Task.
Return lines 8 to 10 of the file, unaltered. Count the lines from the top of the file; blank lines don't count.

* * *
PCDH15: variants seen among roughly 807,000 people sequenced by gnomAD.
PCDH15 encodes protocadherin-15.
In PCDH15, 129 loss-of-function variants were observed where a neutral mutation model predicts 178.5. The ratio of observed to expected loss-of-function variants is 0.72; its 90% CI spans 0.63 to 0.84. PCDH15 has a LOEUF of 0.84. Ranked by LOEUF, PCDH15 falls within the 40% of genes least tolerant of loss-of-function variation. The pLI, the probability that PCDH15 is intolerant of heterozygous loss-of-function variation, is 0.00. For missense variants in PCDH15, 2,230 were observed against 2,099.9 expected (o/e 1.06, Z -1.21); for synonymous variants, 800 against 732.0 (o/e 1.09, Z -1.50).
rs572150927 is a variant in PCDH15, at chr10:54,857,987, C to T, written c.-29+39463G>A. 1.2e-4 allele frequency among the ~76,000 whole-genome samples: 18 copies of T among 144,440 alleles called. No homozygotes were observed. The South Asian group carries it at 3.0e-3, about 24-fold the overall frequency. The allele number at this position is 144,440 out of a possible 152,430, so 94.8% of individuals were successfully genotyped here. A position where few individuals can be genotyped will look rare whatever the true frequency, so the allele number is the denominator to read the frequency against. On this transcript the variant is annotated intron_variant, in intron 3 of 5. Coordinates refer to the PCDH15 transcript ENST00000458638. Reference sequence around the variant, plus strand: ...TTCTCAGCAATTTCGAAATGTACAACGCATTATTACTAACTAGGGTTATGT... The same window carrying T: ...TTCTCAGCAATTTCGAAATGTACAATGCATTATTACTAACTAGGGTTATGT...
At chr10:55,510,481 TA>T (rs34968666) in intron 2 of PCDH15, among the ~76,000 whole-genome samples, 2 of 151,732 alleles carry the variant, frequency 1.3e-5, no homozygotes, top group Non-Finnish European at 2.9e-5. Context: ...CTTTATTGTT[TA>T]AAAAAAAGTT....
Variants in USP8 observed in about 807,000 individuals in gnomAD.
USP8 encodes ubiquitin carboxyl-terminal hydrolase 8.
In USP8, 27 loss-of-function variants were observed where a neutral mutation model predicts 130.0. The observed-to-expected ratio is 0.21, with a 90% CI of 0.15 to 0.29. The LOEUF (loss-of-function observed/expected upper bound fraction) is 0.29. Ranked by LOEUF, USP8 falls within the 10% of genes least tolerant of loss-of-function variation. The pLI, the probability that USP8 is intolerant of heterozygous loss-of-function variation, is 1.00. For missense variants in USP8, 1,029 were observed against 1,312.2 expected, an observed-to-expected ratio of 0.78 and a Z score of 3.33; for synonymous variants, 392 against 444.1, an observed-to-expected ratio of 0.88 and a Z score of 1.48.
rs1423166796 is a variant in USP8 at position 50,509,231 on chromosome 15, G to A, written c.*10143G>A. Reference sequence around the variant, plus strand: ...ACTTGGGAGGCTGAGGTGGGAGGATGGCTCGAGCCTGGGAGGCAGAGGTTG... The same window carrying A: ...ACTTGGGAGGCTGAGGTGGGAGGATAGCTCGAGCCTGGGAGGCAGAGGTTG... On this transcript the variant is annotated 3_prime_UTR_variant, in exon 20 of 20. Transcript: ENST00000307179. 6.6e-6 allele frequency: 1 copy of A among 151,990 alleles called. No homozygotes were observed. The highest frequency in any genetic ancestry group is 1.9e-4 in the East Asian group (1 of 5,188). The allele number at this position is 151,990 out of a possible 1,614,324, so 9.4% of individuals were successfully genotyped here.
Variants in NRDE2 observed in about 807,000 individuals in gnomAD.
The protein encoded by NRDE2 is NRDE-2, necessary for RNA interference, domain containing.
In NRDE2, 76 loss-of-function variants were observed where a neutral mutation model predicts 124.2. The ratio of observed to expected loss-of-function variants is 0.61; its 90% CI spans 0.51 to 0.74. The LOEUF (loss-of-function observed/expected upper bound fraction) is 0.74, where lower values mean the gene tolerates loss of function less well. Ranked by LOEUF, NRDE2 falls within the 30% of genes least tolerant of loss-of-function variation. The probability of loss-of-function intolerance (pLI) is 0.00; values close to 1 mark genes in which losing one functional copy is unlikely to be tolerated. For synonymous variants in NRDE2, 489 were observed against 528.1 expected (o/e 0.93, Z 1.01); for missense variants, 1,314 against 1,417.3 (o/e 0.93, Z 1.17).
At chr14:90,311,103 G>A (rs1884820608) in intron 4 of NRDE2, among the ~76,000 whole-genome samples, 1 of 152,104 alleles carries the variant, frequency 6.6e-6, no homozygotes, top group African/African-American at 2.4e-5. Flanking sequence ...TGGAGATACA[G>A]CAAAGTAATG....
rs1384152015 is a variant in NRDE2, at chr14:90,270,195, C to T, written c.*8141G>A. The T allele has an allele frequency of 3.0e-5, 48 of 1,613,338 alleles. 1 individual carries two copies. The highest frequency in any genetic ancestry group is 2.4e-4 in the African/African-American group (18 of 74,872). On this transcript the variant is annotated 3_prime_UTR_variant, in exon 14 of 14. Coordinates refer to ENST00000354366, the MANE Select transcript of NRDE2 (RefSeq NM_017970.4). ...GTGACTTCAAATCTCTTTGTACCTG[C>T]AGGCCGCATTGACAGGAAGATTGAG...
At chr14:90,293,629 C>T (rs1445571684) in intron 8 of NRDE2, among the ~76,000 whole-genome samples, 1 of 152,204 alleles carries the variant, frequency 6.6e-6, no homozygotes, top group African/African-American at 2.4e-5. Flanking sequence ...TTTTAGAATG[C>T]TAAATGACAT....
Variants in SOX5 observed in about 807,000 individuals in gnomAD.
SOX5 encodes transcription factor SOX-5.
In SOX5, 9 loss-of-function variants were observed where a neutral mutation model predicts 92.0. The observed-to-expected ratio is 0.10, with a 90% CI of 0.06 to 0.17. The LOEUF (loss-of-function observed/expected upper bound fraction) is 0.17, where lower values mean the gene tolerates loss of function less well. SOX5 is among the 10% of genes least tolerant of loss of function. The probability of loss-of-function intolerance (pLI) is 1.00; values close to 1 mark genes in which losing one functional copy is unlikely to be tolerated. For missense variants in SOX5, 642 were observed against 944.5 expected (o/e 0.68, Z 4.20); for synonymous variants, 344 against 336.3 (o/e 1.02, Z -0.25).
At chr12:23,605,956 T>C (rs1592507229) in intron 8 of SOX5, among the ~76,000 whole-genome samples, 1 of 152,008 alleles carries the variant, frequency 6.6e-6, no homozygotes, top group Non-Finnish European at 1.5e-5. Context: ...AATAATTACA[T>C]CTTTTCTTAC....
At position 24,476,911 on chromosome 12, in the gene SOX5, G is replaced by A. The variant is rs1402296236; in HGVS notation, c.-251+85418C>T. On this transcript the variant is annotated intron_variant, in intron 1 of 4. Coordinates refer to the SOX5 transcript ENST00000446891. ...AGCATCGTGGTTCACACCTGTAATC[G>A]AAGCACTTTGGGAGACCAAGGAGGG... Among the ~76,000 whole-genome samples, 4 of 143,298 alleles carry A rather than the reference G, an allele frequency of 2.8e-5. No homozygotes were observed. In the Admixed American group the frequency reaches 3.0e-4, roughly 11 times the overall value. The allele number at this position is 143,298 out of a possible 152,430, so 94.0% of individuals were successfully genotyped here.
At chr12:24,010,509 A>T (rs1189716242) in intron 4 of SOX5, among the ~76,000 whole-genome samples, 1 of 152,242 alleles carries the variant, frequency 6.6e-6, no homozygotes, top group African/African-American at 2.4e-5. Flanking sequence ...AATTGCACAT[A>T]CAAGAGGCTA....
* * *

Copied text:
In USP8, 27 loss-of-function variants were observed where a neutral mutation model predicts 130.0. The observed-to-expected ratio is 0.21, with a 90% CI of 0.15 to 0.29. The LOEUF (loss-of-function observed/expected upper bound fraction) is 0.29. Ranked by LOEUF, USP8 falls within the 10% of genes least tolerant of loss-of-function variation. The pLI, the probability that USP8 is intolerant of heterozygous loss-of-function variation, is 1.00. For missense variants in USP8, 1,029 were observed against 1,312.2 expected, an observed-to-expected ratio of 0.78 and a Z score of 3.33; for synonymous variants, 392 against 444.1, an observed-to-expected ratio of 0.88 and a Z score of 1.48.
rs1423166796 is a variant in USP8 at position 50,509,231 on chromosome 15, G to A, written c.*10143G>A. Reference sequence around the variant, plus strand: ...ACTTGGGAGGCTGAGGTGGGAGGATGGCTCGAGCCTGGGAGGCAGAGGTTG... The same window carrying A: ...ACTTGGGAGGCTGAGGTGGGAGGATAGCTCGAGCCTGGGAGGCAGAGGTTG... On this transcript the variant is annotated 3_prime_UTR_variant, in exon 20 of 20. Transcript: ENST00000307179. 6.6e-6 allele frequency: 1 copy of A among 151,990 alleles called. No homozygotes were observed. The highest frequency in any genetic ancestry group is 1.9e-4 in the East Asian group (1 of 5,188). The allele number at this position is 151,990 out of a possible 1,614,324, so 9.4% of individuals were successfully genotyped here.
Variants in NRDE2 observed in about 807,000 individuals in gnomAD.